Air Force wants resilient software

Shutterstock image: weapons tech design

WHAT: A broad agency announcement from the Air Force Research Laboratory's Information Directorate seeking research and development of software that can keep operations going in contested information environments.

WHY: Air Force officials, like their counterparts in other military services, believe warfare is increasingly multifaceted and involves the ability to disrupt an information environment. In the event that a command and control system is hindered by anti-access/area denial (A2/AD) efforts, the service wants its software to keep operations running.

Specifically, the Air Force wants software components that "autonomously assess the progress of their operations, identify deviations from expected activities and outcomes, and recommend adjustments" so that operations can continue in the face of A2/AD efforts, according to the announcement.

"By developing these capabilities and achieving this goal, AFRL expects an order-of-magnitude improvement in the duration of maintaining continuity of air, space and cyber operations at a forward node subject to contested communications," the document states.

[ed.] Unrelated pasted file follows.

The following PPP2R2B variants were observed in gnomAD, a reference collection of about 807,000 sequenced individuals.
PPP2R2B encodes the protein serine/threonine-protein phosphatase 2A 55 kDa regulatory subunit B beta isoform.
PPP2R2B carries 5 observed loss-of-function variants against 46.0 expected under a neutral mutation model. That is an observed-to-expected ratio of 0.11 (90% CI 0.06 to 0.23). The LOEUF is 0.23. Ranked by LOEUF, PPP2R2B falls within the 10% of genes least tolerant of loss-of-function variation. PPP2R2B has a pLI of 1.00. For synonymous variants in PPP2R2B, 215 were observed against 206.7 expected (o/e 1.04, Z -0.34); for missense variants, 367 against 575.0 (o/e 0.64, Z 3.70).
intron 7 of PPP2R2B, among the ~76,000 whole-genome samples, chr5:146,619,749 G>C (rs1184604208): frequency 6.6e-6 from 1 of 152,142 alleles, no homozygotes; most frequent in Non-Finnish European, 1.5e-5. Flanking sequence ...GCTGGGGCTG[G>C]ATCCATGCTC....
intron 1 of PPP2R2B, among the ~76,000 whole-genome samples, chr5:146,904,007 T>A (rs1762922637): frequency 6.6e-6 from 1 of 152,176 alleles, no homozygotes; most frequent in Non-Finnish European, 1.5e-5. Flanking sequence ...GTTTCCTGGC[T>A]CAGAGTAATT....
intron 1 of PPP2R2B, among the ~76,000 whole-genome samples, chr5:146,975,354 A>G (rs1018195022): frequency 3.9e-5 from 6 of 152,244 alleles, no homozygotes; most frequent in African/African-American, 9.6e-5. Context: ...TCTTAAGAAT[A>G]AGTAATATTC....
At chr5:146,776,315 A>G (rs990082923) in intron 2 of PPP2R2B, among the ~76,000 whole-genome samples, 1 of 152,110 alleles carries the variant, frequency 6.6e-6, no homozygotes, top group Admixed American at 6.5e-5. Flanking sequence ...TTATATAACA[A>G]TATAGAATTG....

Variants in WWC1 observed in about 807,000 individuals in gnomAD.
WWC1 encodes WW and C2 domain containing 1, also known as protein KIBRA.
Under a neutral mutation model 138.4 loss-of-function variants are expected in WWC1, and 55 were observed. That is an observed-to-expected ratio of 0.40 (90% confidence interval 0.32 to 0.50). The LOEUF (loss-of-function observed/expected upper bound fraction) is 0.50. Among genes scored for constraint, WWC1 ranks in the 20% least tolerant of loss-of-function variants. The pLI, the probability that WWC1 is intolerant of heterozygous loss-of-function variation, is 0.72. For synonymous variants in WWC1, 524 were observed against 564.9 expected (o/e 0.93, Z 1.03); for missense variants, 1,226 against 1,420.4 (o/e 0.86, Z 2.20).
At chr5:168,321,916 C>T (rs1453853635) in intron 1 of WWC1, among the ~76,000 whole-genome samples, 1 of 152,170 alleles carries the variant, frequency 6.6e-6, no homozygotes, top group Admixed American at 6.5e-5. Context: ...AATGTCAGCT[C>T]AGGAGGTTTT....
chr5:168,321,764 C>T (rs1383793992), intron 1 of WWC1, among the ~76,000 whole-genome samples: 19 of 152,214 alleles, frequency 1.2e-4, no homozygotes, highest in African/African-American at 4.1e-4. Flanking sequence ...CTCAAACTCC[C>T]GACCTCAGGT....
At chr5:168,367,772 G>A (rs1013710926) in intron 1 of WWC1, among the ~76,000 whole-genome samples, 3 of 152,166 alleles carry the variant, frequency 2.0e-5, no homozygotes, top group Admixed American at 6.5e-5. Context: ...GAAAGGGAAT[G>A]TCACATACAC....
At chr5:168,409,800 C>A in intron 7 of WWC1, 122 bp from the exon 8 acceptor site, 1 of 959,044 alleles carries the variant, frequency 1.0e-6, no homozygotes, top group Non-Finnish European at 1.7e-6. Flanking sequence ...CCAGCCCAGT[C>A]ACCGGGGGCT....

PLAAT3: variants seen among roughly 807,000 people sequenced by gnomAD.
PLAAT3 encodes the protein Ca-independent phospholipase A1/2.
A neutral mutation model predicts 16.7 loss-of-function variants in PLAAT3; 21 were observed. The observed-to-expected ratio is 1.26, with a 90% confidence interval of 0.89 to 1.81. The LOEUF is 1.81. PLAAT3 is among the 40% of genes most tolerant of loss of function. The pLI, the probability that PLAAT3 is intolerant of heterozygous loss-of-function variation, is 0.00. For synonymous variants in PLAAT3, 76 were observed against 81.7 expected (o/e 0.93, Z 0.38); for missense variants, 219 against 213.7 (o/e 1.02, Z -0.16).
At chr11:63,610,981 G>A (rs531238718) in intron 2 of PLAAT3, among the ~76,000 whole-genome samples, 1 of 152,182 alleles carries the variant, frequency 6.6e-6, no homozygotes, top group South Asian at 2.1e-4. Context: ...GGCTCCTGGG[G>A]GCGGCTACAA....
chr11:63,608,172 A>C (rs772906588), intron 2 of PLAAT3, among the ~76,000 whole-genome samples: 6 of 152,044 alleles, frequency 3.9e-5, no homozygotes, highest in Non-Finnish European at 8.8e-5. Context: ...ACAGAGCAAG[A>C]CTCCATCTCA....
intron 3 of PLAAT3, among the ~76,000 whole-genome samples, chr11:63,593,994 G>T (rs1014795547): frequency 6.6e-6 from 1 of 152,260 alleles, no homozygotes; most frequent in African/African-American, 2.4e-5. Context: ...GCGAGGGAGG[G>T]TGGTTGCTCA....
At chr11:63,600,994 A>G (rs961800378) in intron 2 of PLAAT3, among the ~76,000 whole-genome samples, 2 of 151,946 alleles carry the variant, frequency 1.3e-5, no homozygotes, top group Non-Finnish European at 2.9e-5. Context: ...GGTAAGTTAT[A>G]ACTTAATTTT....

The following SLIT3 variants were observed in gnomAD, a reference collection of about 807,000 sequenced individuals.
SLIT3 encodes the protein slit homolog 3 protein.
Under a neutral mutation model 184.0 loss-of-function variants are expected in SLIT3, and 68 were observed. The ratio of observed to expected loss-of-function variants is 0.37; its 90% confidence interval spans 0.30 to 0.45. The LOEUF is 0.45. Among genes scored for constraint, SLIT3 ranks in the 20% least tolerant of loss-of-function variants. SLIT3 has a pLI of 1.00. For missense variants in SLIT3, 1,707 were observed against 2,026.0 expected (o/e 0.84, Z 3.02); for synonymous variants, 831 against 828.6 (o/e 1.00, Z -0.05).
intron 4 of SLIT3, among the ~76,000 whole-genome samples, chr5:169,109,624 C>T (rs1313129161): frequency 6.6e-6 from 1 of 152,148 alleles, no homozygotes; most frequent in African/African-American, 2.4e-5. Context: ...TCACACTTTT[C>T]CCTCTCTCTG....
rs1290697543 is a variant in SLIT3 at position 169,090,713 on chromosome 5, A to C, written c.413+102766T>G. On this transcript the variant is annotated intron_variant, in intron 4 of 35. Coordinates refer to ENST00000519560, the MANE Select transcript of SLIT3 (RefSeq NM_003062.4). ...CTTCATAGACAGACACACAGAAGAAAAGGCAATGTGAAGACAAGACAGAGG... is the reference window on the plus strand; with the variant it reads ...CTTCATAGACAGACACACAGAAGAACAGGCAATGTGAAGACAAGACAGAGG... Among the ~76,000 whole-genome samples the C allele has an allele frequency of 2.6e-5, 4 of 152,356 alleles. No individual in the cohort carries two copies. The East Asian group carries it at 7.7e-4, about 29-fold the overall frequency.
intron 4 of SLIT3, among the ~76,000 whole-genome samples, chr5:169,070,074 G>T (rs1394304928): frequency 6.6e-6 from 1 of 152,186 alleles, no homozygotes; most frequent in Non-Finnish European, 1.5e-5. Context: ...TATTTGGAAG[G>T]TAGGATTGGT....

Respondents are asked to consider the Air Force's Theater Air Control System and Theater Air Ground System as examples of operational environments for candidate technologies.

The goals of the broad R&D efforts described in the announcement, dubbed the Distributed Operations program, are to fill technology gaps for planning, execution and assessment and to apply those capabilities within a distributed architecture to boost resiliency.

The program’s total funding is expected to be $9.9 million through fiscal 2019, with close to half ($4.5 million) being awarded in fiscal 2018.

Click here to read the announcement.

Posted by Sean Lyngaas on Jan 08, 2016 at 10:49 AM


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